Punjabi Grocery & Deli Inc.
Whether you're short on time or short on cash, this 24-hour basement joint is a hidden gem for in-the-know fans of Indian cuisine. Just follow the line of taxi drivers parked outside and you'll discover flavorful veggie Punjabi dishes like chana (chickpeas), fat samosas (stuffed savory pastries) topped with lentils - both for a whopping $2 - or bowls of rice with your choice of two or three vegetables ($2.50-$4.50). Needless to say, at that price you shouldn't expect much ambience (or seating, for that matter) but the euphoria that overwhelms your taste buds will make you forget you're standing.
Resist the urge for greasy breadsticks at a crowded Olive Garden, or to pay $9.95 for a slice of overrated cheesecake at Roxy’s, and, instead, down shots of homemade infused vodka (there are over a dozen varieties, like cranberry, tarragon, and garlic) and authentic borsht at this personality-packed joint. Just a few blocks north of Times Square on 52nd Street, the crowd at the Samovar (named for a traditional East European cooking device made of metal and primarily used to boil water for tea) is a nice mix of theatergoers enjoying a pre-show meal; beefy, mafia-esque types; and stylish yuppies happy to clink shot glasses at (yet another) Sex and the City spot.
This English-style gastropub feels as authentic as any you'd find in the Old Blighty, except for the Manolo-heeled crowd at the bar. English expat chef April Bloomfield took the straightforward, simple gastropub dishes she grew up with and added a few unusual elements, like savory pies made with calf's liver and an Italian-influenced gnudi dish. However, you can choose to keep it real and go for a good old shepherd's pie or smoked haddock chowder.
The sleek eatery at the Museum of Modern Art is just as much a masterpiece as the works inside the museum (recently re-imagined and expanded by Japanese architect Yoshio Taniguchi). Frosted glass delineates two distinct spaces: a sophisticated bar room buzzing with voguish people enjoying post-museum cocktails and nibbles (the cilantro-infused Modern cocktail packs a major punch); and a much more formal dining room overlooking the museum's spacious sculpture garden. The multi-course menu, offered in the latter space, includes highlights like the chorizo-crusted Chatham cod and roast Long Island duck with black trumpet marmalade, separated by various amuse-gueules and intermezzi.
The Pod Hotel New York
The chintzy former Pickwick Arms has been painted over and transformed into a choice stay for the thrifty hipster. Starting at just $99/night, and with about half of the 347 rooms offering private bathrooms, this efficiently minimalist stay is closer to an adult hostel than a hotel. The thin walls, flimsy mattresses, and airplane-bathroom-size sinks aren’t the high notes of The Pod (opened 2007), but with iPod docks, flat-screen TVs, and free Wi-Fi, not to mention the prime Midtown location, it’s hard to complain. Choose from rooms with queens, doubles, singles, and bunk beds.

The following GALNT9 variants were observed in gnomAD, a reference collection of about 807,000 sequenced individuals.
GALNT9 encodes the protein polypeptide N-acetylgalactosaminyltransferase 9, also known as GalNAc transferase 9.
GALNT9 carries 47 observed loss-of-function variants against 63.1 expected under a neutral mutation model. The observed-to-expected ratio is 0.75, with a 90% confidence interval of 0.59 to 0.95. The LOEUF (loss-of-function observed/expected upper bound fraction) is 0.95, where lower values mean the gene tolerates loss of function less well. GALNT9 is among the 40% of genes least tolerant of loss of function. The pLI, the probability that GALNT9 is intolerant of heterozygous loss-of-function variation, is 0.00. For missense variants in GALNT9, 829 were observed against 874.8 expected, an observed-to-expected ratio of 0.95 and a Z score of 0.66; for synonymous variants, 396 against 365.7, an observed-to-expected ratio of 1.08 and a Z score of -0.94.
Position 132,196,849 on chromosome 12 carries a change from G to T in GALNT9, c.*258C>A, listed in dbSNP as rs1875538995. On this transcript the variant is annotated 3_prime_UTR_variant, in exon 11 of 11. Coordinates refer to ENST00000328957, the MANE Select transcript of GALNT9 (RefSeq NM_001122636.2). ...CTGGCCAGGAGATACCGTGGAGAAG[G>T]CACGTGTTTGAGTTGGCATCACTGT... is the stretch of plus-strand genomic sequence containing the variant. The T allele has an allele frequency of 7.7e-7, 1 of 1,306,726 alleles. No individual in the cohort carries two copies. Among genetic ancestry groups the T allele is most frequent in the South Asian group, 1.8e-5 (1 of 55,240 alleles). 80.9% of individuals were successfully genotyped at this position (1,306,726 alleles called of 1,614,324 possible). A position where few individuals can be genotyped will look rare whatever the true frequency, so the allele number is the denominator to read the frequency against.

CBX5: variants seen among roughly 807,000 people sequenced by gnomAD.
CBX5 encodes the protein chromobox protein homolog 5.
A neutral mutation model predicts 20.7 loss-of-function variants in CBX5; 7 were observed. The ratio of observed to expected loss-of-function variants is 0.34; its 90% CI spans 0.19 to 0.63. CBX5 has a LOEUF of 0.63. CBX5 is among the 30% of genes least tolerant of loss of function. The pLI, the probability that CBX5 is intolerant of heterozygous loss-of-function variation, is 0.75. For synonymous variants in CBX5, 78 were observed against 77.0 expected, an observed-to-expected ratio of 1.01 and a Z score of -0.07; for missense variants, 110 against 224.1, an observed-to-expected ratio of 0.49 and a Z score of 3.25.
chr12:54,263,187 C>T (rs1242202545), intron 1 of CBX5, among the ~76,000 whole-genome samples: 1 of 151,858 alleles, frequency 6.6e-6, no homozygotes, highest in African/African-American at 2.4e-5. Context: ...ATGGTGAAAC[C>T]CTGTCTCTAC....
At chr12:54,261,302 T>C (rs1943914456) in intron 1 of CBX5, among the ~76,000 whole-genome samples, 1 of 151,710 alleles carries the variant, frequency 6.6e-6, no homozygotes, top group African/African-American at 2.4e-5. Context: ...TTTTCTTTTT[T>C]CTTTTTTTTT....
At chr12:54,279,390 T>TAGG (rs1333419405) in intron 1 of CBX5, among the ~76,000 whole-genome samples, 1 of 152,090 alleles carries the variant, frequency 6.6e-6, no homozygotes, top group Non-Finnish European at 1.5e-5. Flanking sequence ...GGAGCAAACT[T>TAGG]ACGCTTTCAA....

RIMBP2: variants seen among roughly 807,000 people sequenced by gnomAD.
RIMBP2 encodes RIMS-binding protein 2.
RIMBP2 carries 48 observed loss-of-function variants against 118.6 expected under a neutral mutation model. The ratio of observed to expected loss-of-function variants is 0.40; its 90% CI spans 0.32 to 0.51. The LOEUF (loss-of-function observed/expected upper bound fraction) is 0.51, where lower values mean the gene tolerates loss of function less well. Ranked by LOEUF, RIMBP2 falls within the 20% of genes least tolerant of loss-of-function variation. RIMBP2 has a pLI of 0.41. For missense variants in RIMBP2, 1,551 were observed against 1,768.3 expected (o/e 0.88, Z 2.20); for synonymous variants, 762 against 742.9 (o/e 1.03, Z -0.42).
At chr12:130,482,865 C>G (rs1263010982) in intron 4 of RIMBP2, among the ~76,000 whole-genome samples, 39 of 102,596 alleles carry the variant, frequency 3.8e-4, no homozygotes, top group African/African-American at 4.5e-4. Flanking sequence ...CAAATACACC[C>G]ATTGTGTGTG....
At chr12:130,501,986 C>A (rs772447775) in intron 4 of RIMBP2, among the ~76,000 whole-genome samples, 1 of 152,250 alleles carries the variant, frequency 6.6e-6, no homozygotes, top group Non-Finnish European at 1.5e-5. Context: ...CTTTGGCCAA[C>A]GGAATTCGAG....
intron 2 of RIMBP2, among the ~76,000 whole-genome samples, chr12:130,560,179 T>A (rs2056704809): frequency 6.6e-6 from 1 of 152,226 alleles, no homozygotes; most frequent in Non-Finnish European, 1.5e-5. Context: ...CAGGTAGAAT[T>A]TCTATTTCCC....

Vinegar Hill House
Opened in November 2008 on a cobblestone street in an under-the-radar Brooklyn neighborhood, this rustic spot is well worth the cab ride. Housed inside a 19th-century carriage house, the 40-seat room is best described as shabby chic with an old-school twist – a copper bar, vintage wallpaper, booths made of old bleachers, and a wood-burning oven as the showpiece. The atmosphere is homey yet hip; the menu, featuring comforting new American fare, is seasonal, the fish sustainable, and the meat procured from a renowned upstate butcher. Reservations aren’t accepted, so come prepared to knock elbows with a hungry crowd.
Washington Square Hotel
Yes, Bob Dylan and Joan Baez once lived here, and its 150 smallish rooms are comfortable, but the real appeal is the Euro and Art Deco vibe, and proximity to music clubs and Washington Square Park. On the cusp of NYU’s main campus, it’s popular with students and their visiting relatives, so count on rooms being nearly impossible to come by during graduation and other collegiate events. The cozy bar tucked into the back of the checkered lobby serves afternoon tea daily, and rates include continental breakfast at the solid street-level restaurant, North Square.
Whisk & Ladle Supper Club
For a truly insider taste of the New York/Brooklyn dining scene, sign up for
one of Whisk & Ladle Supper Club’s weekly culinary fêtes hosted
in a big Williamsburg loft along the East River by roommates Mark, Danielle,
Nick, Jessie, and Norah (who, like their location, prefer to remain slightly
anonymous). Each host practices a different specialty – from professional
bartending to pastry making, and all enjoy serving eclectic, unusual
ingredients (think bear and python). Since the group started at their current
location in 2006, an array of guests has enjoyed their adventurous five-course
meals with wine pairings and unique cocktail concoctions. For $40-$50 per
person, the dinners are offered nearly every Saturday of the month, and RSVPs
are taken through the group’s website (each dinner is limited to 25